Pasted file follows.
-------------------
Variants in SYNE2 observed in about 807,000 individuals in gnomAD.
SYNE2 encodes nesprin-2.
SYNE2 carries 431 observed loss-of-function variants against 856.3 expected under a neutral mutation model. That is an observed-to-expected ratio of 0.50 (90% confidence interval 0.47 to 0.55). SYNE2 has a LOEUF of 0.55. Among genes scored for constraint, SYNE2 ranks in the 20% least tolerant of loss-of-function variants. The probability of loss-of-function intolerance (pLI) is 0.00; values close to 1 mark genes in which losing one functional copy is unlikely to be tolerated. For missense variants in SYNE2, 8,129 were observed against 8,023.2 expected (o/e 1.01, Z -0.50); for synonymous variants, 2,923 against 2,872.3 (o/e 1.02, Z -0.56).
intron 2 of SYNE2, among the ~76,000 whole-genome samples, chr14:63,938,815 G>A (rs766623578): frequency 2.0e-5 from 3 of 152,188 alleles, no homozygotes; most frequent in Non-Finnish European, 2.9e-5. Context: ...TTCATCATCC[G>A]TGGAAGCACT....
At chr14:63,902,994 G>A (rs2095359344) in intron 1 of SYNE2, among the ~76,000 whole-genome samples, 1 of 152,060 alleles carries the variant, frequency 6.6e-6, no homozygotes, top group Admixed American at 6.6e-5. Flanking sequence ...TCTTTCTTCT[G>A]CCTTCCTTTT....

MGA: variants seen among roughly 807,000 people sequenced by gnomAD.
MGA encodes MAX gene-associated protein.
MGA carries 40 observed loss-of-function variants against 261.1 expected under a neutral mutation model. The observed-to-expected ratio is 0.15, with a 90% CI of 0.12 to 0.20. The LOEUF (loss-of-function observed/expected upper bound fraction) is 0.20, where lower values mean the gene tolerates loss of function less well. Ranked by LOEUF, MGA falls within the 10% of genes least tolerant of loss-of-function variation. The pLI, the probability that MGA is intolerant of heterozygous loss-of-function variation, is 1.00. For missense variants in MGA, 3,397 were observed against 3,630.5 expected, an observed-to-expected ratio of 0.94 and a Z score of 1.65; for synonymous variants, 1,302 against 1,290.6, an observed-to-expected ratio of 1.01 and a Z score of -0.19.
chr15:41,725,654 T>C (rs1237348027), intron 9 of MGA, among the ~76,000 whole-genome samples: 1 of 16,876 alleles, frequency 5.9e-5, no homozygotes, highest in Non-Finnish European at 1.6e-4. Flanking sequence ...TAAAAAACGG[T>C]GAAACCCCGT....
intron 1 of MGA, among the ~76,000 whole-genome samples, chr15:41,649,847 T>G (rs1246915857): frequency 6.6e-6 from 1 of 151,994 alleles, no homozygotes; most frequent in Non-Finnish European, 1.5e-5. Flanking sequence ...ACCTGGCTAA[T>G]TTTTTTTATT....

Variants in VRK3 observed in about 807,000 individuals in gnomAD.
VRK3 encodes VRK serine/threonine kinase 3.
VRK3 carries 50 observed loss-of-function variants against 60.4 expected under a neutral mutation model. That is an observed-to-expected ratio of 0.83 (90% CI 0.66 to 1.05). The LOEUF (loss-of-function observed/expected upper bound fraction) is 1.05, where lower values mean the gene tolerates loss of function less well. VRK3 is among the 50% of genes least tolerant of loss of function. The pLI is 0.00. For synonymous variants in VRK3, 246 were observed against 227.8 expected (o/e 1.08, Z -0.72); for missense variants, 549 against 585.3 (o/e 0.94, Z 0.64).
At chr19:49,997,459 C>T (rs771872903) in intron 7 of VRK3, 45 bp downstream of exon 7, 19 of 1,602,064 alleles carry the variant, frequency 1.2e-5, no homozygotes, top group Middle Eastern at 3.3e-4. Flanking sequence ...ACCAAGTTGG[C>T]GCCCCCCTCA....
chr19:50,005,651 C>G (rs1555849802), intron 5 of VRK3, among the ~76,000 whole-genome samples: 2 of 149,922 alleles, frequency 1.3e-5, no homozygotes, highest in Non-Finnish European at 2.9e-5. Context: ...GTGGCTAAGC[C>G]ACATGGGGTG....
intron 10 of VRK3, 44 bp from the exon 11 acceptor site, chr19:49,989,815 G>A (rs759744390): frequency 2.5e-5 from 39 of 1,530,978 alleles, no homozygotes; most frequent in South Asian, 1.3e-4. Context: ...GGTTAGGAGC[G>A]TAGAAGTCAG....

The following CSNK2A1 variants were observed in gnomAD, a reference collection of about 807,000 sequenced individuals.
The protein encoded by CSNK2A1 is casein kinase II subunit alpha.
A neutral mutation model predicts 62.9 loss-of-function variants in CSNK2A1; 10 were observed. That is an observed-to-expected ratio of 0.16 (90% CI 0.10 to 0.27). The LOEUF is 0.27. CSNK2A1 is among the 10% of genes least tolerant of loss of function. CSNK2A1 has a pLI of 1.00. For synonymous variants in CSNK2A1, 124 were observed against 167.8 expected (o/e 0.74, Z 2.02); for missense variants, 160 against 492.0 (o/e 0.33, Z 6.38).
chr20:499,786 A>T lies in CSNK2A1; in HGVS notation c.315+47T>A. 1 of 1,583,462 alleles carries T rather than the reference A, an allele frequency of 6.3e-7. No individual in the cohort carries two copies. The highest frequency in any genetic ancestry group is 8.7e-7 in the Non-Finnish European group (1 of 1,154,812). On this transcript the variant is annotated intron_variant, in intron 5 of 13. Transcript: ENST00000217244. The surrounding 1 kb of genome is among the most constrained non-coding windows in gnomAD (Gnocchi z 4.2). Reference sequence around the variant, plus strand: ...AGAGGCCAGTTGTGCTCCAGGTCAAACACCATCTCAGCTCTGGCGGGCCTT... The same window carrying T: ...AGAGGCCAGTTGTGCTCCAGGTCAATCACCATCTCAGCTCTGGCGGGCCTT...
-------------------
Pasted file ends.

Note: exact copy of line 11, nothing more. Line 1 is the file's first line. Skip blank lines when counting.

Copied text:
Variants in VRK3 observed in about 807,000 individuals in gnomAD.